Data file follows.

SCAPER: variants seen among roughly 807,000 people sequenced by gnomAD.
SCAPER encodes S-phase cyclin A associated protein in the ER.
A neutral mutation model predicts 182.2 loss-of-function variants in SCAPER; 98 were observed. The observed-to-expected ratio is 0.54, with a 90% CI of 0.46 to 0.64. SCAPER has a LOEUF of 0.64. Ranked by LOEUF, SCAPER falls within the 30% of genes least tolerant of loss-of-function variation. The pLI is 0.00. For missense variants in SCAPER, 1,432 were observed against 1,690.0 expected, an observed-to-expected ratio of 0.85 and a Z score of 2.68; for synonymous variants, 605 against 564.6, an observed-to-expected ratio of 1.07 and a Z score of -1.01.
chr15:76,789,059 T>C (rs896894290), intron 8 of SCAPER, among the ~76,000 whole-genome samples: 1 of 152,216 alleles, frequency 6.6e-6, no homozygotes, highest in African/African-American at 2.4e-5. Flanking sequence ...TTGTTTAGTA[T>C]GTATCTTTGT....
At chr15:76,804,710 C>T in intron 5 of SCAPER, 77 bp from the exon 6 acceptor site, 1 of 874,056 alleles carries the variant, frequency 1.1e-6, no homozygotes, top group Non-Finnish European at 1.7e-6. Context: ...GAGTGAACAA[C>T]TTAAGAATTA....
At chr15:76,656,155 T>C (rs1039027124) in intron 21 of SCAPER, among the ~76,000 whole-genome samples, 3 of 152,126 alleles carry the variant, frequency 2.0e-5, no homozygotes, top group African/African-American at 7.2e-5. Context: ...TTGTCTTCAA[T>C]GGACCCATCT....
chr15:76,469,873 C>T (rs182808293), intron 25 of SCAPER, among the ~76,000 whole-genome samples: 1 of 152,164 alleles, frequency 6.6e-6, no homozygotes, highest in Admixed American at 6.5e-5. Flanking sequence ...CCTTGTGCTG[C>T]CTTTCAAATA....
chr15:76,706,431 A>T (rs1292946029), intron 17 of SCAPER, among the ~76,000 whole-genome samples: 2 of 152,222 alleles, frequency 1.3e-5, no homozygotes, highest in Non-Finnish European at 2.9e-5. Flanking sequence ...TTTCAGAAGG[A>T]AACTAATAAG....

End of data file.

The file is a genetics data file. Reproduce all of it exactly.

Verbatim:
SCAPER: variants seen among roughly 807,000 people sequenced by gnomAD.
SCAPER encodes S-phase cyclin A associated protein in the ER.
A neutral mutation model predicts 182.2 loss-of-function variants in SCAPER; 98 were observed. The observed-to-expected ratio is 0.54, with a 90% CI of 0.46 to 0.64. SCAPER has a LOEUF of 0.64. Ranked by LOEUF, SCAPER falls within the 30% of genes least tolerant of loss-of-function variation. The pLI is 0.00. For missense variants in SCAPER, 1,432 were observed against 1,690.0 expected, an observed-to-expected ratio of 0.85 and a Z score of 2.68; for synonymous variants, 605 against 564.6, an observed-to-expected ratio of 1.07 and a Z score of -1.01.
chr15:76,789,059 T>C (rs896894290), intron 8 of SCAPER, among the ~76,000 whole-genome samples: 1 of 152,216 alleles, frequency 6.6e-6, no homozygotes, highest in African/African-American at 2.4e-5. Flanking sequence ...TTGTTTAGTA[T>C]GTATCTTTGT....
At chr15:76,804,710 C>T in intron 5 of SCAPER, 77 bp from the exon 6 acceptor site, 1 of 874,056 alleles carries the variant, frequency 1.1e-6, no homozygotes, top group Non-Finnish European at 1.7e-6. Context: ...GAGTGAACAA[C>T]TTAAGAATTA....
At chr15:76,656,155 T>C (rs1039027124) in intron 21 of SCAPER, among the ~76,000 whole-genome samples, 3 of 152,126 alleles carry the variant, frequency 2.0e-5, no homozygotes, top group African/African-American at 7.2e-5. Context: ...TTGTCTTCAA[T>C]GGACCCATCT....
chr15:76,469,873 C>T (rs182808293), intron 25 of SCAPER, among the ~76,000 whole-genome samples: 1 of 152,164 alleles, frequency 6.6e-6, no homozygotes, highest in Admixed American at 6.5e-5. Flanking sequence ...CCTTGTGCTG[C>T]CTTTCAAATA....
chr15:76,706,431 A>T (rs1292946029), intron 17 of SCAPER, among the ~76,000 whole-genome samples: 2 of 152,222 alleles, frequency 1.3e-5, no homozygotes, highest in Non-Finnish European at 2.9e-5. Flanking sequence ...TTTCAGAAGG[A>T]AACTAATAAG....